10 Netherlands Namibia
11 South Africa Libya
12 Georgia  2,036 Colombia  2,478

I Am Not a Doctor, But….

It is interesting the way that some medical ailments are glamorous and attract major research grants and “the best and brightest” brains, while others are neglected and overlooked.  AIDS quickly became a “glamorous” medical challenge that became an enormous “black hole” that sucked in funding and resources that had formerly been going to other less glamorous sexually transmitted diseases.  Another unglamorous disease was (and possibly still is) Chronic Fatigue Syndrome – because it is so hard to diagnose, because it has no clearly understood origin, and because it is so hard to treat, and – the unspoken truth – because for a longest time, its sufferers were thought to be merely lazy or possibly slightly depressed – it has not received the attention that perhaps it deserves.

No-one can deny that Covid has become very “glamorous”.  But even within its glamor, there are some aspects that have been neglected, and for the first six or so months of Covid’s prominence, few in the medical establishment were interested in or even willing to acknowledge what is now termed “long haul” Covid – an affliction affecting up to one in every three people who get Covid, such that, while their original infection may be resolved in an ordinary amount of time (2 – 3 weeks) they continue to suffer assorted symptoms (over 200 have been documented so far) for an extended amount of time – many months, and possibly even indefinitely into the future.  We don’t yet know how long, because the disease itself is still reasonably new.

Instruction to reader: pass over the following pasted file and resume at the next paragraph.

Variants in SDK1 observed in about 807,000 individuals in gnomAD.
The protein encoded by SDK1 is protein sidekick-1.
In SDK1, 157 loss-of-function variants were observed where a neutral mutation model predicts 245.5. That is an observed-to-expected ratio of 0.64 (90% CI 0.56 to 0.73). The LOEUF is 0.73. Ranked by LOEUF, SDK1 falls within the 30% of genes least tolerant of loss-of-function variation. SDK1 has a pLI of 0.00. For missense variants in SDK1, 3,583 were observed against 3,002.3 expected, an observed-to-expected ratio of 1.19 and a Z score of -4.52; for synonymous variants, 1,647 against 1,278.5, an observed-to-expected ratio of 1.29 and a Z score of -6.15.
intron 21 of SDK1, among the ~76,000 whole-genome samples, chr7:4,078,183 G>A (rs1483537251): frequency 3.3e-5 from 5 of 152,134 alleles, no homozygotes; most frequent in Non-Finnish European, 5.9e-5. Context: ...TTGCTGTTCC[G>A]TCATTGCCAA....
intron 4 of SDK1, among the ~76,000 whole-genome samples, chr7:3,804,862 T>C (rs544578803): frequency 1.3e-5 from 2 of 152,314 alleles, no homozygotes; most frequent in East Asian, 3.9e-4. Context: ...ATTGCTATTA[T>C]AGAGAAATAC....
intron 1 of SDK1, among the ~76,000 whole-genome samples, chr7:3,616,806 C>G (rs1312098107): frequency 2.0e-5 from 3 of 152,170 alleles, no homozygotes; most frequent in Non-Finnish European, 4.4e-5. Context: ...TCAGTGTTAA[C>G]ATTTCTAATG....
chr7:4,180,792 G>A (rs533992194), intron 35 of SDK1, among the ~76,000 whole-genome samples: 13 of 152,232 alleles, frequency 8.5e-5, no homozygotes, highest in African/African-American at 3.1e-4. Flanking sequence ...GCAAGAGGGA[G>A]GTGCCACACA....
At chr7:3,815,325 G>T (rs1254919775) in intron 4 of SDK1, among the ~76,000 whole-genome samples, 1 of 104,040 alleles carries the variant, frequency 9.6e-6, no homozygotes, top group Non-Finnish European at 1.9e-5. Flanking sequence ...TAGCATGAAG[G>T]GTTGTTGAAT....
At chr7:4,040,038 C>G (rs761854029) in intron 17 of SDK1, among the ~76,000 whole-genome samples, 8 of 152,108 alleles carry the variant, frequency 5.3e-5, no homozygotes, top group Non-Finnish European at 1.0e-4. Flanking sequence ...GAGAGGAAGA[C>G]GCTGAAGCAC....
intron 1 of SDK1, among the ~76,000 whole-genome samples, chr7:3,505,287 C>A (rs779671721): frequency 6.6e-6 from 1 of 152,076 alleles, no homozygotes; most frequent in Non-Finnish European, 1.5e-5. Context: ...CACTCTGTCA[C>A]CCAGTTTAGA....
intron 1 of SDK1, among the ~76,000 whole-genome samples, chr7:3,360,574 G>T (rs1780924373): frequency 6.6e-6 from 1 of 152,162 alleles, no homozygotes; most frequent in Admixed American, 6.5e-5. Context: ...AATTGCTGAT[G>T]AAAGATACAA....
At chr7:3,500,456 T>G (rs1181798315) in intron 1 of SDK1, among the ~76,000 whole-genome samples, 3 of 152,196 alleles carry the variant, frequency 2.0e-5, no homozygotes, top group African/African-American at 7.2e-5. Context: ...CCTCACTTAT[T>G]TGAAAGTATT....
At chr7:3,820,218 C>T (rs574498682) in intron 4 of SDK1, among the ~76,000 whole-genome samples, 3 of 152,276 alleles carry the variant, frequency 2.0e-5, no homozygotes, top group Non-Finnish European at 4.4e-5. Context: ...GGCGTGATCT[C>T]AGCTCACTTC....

Slowly, “long haul” sufferers are starting to be acknowledged as having something “real”, even if no-one yet knows exactly the what, how, or why of their ongoing problems.  Here’s some interesting research that helps you predict if you’re likely to become so afflicted, yourself.

Needless to say, the risk of a “long haul” ongoing affliction is all the more reason to consider being vaccinated, and to have a full medicine-chest of remedies, treatments, and hopefully cures to abate and speedily resolve any infection you might come down with.

Ivermectin and Hydroxychloroquine

President Biden says that social media that allow covid misinformation to be spread are effectively killing people.

That wasn’t a very popular statement for him to make, and of course, the reason he said that is because he is keen to see social media “voluntarily” censor the discussions and debates they host.